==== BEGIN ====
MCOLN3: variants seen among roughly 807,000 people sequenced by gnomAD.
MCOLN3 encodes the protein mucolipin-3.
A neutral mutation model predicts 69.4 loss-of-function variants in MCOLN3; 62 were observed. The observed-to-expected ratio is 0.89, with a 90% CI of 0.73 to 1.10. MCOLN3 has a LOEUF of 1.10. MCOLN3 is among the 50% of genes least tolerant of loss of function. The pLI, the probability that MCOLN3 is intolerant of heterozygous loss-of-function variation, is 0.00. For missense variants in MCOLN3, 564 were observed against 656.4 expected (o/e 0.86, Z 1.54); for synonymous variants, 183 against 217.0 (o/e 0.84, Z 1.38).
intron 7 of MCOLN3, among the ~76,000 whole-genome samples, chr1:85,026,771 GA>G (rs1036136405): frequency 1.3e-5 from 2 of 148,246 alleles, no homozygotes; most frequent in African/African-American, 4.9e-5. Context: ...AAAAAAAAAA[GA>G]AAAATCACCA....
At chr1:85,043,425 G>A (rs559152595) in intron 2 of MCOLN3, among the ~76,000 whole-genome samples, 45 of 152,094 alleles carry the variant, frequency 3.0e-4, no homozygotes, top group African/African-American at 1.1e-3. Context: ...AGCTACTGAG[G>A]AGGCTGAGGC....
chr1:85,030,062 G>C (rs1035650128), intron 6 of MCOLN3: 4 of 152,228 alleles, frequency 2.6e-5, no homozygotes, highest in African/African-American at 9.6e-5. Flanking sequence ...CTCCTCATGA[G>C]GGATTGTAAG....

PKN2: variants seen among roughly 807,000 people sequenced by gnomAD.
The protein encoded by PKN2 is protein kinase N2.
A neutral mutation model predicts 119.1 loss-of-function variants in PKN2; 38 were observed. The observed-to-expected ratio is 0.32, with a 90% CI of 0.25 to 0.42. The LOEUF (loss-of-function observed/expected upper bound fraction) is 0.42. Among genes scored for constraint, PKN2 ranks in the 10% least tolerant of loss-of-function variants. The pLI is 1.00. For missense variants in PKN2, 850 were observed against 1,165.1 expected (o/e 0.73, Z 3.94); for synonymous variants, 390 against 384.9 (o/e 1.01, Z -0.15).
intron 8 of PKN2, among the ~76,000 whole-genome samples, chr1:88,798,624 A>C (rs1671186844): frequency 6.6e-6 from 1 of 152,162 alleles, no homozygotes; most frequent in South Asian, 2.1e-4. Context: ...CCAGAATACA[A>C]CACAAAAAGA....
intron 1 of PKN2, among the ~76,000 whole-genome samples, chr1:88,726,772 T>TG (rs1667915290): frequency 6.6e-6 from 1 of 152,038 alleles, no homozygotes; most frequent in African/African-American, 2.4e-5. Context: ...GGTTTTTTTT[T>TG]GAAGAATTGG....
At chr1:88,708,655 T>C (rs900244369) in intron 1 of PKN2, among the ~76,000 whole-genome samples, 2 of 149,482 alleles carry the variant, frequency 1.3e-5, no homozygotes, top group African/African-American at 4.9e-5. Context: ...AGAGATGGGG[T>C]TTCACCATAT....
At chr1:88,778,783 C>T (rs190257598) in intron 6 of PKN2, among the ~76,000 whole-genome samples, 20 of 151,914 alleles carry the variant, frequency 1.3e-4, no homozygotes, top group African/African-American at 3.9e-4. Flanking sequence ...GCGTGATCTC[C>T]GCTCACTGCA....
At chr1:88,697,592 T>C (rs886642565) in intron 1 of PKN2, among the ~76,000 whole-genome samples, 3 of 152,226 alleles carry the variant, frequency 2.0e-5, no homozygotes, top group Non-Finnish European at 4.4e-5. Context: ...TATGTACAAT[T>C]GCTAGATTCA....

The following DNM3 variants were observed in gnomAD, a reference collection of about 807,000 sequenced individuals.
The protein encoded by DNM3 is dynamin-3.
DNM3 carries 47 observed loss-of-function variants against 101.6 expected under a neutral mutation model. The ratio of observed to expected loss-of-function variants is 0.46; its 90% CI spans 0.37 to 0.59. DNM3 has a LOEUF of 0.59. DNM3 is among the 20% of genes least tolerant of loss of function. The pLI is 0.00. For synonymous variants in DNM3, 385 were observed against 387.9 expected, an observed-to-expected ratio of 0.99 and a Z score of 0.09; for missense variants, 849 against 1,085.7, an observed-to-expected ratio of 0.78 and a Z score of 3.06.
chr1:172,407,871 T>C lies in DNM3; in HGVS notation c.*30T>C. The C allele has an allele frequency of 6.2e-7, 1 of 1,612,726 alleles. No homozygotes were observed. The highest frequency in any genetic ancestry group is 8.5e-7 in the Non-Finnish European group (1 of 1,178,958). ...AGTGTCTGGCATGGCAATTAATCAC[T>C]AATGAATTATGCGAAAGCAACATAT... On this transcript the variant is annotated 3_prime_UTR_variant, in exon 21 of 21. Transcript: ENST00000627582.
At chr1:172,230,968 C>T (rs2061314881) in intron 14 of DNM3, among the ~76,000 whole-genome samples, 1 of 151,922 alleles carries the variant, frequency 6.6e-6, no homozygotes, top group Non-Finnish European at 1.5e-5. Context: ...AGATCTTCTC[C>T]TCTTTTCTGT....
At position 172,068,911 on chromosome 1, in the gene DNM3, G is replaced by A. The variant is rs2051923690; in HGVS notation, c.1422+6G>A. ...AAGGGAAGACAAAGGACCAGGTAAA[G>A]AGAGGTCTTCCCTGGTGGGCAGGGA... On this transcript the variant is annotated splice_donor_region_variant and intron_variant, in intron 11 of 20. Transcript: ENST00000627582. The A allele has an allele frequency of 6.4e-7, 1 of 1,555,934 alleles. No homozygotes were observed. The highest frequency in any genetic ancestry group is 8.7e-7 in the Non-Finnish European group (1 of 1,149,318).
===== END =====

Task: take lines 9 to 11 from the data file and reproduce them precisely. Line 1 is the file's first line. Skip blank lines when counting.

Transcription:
A neutral mutation model predicts 119.1 loss-of-function variants in PKN2; 38 were observed. The observed-to-expected ratio is 0.32, with a 90% CI of 0.25 to 0.42. The LOEUF (loss-of-function observed/expected upper bound fraction) is 0.42. Among genes scored for constraint, PKN2 ranks in the 10% least tolerant of loss-of-function variants. The pLI is 1.00. For missense variants in PKN2, 850 were observed against 1,165.1 expected (o/e 0.73, Z 3.94); for synonymous variants, 390 against 384.9 (o/e 1.01, Z -0.15).
intron 8 of PKN2, among the ~76,000 whole-genome samples, chr1:88,798,624 A>C (rs1671186844): frequency 6.6e-6 from 1 of 152,162 alleles, no homozygotes; most frequent in South Asian, 2.1e-4. Context: ...CCAGAATACA[A>C]CACAAAAAGA....
intron 1 of PKN2, among the ~76,000 whole-genome samples, chr1:88,726,772 T>TG (rs1667915290): frequency 6.6e-6 from 1 of 152,038 alleles, no homozygotes; most frequent in African/African-American, 2.4e-5. Context: ...GGTTTTTTTT[T>TG]GAAGAATTGG....